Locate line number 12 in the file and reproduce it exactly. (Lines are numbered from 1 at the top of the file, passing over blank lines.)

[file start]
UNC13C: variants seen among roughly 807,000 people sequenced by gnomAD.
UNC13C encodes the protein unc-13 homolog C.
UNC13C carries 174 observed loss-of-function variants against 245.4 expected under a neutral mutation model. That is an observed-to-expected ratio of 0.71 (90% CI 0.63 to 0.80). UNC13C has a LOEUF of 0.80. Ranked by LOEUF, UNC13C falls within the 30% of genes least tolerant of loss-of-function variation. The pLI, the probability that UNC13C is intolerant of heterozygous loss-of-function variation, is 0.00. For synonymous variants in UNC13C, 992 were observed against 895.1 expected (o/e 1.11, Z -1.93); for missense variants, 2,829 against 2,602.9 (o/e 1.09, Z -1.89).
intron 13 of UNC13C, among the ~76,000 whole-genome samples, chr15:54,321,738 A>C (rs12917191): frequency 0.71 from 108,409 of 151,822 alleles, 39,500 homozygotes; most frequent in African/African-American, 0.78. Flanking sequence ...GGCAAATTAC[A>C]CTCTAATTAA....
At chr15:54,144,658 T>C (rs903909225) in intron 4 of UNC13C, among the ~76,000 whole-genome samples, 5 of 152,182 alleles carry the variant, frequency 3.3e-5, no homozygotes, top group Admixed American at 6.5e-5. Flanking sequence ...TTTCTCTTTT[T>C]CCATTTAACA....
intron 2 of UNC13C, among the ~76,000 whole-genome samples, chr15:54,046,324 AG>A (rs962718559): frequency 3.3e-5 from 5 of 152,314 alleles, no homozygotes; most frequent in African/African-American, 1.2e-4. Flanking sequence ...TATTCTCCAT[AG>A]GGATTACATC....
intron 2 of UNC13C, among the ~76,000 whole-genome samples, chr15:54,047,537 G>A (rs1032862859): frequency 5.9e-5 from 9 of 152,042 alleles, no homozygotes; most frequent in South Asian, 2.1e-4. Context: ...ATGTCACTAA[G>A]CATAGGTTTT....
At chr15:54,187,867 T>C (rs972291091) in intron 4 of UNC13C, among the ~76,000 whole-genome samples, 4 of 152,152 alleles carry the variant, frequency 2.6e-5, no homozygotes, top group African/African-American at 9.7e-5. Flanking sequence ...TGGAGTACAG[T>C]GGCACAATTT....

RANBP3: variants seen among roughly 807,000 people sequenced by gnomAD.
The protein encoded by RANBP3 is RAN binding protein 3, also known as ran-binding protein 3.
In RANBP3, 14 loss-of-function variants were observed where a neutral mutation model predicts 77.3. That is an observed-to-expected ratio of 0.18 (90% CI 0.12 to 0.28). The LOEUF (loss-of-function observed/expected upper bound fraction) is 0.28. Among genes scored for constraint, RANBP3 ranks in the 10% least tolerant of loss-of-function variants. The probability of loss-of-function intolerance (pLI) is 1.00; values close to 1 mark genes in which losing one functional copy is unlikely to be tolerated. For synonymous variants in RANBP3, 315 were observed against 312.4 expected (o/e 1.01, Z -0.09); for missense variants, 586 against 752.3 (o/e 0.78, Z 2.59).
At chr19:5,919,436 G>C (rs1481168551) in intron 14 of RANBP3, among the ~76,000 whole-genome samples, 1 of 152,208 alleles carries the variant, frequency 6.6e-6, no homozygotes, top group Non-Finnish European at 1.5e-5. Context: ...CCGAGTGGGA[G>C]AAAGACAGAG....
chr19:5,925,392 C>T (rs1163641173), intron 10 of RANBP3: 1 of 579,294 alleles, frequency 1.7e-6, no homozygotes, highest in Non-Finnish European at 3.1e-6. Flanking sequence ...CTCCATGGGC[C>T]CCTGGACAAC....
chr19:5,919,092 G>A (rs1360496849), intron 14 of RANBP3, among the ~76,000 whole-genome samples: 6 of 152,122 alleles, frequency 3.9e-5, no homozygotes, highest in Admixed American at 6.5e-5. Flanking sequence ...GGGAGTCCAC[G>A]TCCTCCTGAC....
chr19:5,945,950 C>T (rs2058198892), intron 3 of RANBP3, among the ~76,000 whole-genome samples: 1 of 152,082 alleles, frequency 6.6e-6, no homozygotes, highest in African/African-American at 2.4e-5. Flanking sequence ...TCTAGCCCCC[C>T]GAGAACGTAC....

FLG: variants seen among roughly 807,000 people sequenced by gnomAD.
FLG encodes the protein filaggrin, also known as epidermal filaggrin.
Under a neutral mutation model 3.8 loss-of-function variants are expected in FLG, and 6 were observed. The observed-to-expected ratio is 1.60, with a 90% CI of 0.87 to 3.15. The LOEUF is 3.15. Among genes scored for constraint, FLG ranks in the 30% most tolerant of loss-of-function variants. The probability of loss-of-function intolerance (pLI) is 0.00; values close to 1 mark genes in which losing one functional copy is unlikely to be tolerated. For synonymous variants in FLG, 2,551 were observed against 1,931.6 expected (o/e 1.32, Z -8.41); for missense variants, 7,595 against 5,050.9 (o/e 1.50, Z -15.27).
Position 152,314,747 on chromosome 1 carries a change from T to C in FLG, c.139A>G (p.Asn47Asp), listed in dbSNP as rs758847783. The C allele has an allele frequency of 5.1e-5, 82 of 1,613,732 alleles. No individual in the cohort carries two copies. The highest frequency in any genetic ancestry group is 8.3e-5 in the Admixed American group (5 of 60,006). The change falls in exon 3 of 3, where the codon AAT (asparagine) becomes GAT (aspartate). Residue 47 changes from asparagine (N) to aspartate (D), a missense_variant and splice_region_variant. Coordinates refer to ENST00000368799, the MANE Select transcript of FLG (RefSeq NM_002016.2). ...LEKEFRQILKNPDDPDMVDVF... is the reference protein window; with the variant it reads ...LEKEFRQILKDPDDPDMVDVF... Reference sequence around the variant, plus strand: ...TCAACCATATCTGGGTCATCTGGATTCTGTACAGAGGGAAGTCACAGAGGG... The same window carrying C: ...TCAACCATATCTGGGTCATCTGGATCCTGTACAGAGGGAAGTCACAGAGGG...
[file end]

At chr19:5,919,436 G>C (rs1481168551) in intron 14 of RANBP3, among the ~76,000 whole-genome samples, 1 of 152,208 alleles carries the variant, frequency 6.6e-6, no homozygotes, top group Non-Finnish European at 1.5e-5. Context: ...CCGAGTGGGA[G>C]AAAGACAGAG....